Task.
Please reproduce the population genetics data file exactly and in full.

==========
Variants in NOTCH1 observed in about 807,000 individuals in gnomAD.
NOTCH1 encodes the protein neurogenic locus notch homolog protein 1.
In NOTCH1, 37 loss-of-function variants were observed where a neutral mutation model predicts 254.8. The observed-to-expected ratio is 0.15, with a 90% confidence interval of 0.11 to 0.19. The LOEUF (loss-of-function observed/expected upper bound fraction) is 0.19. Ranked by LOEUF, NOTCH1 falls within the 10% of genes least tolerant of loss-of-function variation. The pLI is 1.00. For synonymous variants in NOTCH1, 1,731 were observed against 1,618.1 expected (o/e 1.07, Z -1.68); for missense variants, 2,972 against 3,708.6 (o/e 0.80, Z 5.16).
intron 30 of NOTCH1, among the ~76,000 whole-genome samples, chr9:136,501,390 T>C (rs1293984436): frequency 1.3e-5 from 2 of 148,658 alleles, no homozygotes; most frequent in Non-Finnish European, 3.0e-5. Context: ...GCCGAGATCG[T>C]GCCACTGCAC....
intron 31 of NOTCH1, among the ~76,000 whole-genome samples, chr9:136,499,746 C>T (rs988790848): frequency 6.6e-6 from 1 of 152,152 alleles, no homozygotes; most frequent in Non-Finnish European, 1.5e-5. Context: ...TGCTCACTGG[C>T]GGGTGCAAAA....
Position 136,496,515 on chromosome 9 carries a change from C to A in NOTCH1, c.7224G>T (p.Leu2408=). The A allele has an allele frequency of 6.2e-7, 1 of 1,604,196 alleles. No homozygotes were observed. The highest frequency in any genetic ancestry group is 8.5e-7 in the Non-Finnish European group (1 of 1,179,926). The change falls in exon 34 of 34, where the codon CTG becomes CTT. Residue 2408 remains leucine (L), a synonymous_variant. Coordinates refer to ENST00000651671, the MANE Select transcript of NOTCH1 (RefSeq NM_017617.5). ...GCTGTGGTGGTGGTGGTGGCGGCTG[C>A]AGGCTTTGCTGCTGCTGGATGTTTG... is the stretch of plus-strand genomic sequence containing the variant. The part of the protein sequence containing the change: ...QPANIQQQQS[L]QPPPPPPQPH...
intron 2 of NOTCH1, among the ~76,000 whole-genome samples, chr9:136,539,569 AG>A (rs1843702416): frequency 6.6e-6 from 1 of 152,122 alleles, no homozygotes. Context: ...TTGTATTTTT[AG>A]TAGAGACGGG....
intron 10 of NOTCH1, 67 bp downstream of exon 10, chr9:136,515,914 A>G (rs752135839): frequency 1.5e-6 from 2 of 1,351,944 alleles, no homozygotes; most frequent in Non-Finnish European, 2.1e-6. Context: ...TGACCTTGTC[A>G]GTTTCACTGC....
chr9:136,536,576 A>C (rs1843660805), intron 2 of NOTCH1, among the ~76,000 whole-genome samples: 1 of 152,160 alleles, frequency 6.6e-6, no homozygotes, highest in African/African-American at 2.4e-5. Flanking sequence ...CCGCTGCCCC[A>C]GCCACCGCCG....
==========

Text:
Variants in NOTCH1 observed in about 807,000 individuals in gnomAD.
NOTCH1 encodes the protein neurogenic locus notch homolog protein 1.
In NOTCH1, 37 loss-of-function variants were observed where a neutral mutation model predicts 254.8. The observed-to-expected ratio is 0.15, with a 90% confidence interval of 0.11 to 0.19. The LOEUF (loss-of-function observed/expected upper bound fraction) is 0.19. Ranked by LOEUF, NOTCH1 falls within the 10% of genes least tolerant of loss-of-function variation. The pLI is 1.00. For synonymous variants in NOTCH1, 1,731 were observed against 1,618.1 expected (o/e 1.07, Z -1.68); for missense variants, 2,972 against 3,708.6 (o/e 0.80, Z 5.16).
intron 30 of NOTCH1, among the ~76,000 whole-genome samples, chr9:136,501,390 T>C (rs1293984436): frequency 1.3e-5 from 2 of 148,658 alleles, no homozygotes; most frequent in Non-Finnish European, 3.0e-5. Context: ...GCCGAGATCG[T>C]GCCACTGCAC....
intron 31 of NOTCH1, among the ~76,000 whole-genome samples, chr9:136,499,746 C>T (rs988790848): frequency 6.6e-6 from 1 of 152,152 alleles, no homozygotes; most frequent in Non-Finnish European, 1.5e-5. Context: ...TGCTCACTGG[C>T]GGGTGCAAAA....
Position 136,496,515 on chromosome 9 carries a change from C to A in NOTCH1, c.7224G>T (p.Leu2408=). The A allele has an allele frequency of 6.2e-7, 1 of 1,604,196 alleles. No homozygotes were observed. The highest frequency in any genetic ancestry group is 8.5e-7 in the Non-Finnish European group (1 of 1,179,926). The change falls in exon 34 of 34, where the codon CTG becomes CTT. Residue 2408 remains leucine (L), a synonymous_variant. Coordinates refer to ENST00000651671, the MANE Select transcript of NOTCH1 (RefSeq NM_017617.5). ...GCTGTGGTGGTGGTGGTGGCGGCTG[C>A]AGGCTTTGCTGCTGCTGGATGTTTG... is the stretch of plus-strand genomic sequence containing the variant. The part of the protein sequence containing the change: ...QPANIQQQQS[L]QPPPPPPQPH...
intron 2 of NOTCH1, among the ~76,000 whole-genome samples, chr9:136,539,569 AG>A (rs1843702416): frequency 6.6e-6 from 1 of 152,122 alleles, no homozygotes. Context: ...TTGTATTTTT[AG>A]TAGAGACGGG....
intron 10 of NOTCH1, 67 bp downstream of exon 10, chr9:136,515,914 A>G (rs752135839): frequency 1.5e-6 from 2 of 1,351,944 alleles, no homozygotes; most frequent in Non-Finnish European, 2.1e-6. Context: ...TGACCTTGTC[A>G]GTTTCACTGC....
chr9:136,536,576 A>C (rs1843660805), intron 2 of NOTCH1, among the ~76,000 whole-genome samples: 1 of 152,160 alleles, frequency 6.6e-6, no homozygotes, highest in African/African-American at 2.4e-5. Flanking sequence ...CCGCTGCCCC[A>C]GCCACCGCCG....